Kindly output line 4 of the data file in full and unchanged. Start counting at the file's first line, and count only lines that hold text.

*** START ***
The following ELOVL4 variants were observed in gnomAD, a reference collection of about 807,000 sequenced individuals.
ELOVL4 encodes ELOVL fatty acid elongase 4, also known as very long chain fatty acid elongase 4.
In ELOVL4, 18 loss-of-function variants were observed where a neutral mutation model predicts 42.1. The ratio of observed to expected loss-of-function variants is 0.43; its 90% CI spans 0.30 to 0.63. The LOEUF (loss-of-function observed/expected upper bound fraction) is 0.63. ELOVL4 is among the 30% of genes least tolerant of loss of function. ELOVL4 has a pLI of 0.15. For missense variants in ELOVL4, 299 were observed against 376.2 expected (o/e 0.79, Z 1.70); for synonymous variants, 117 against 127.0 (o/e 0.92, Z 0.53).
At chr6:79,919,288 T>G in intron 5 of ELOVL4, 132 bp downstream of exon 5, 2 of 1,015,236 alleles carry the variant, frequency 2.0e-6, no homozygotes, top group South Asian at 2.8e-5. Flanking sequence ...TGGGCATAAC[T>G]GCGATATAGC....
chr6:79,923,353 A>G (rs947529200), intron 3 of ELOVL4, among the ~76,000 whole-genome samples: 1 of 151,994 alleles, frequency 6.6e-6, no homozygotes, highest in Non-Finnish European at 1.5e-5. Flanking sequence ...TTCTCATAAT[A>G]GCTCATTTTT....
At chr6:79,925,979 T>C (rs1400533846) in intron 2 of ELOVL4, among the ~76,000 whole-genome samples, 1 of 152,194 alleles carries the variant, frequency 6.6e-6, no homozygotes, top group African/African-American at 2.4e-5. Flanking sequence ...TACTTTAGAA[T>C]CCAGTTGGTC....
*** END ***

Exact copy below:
At chr6:79,919,288 T>G in intron 5 of ELOVL4, 132 bp downstream of exon 5, 2 of 1,015,236 alleles carry the variant, frequency 2.0e-6, no homozygotes, top group South Asian at 2.8e-5. Flanking sequence ...TGGGCATAAC[T>G]GCGATATAGC....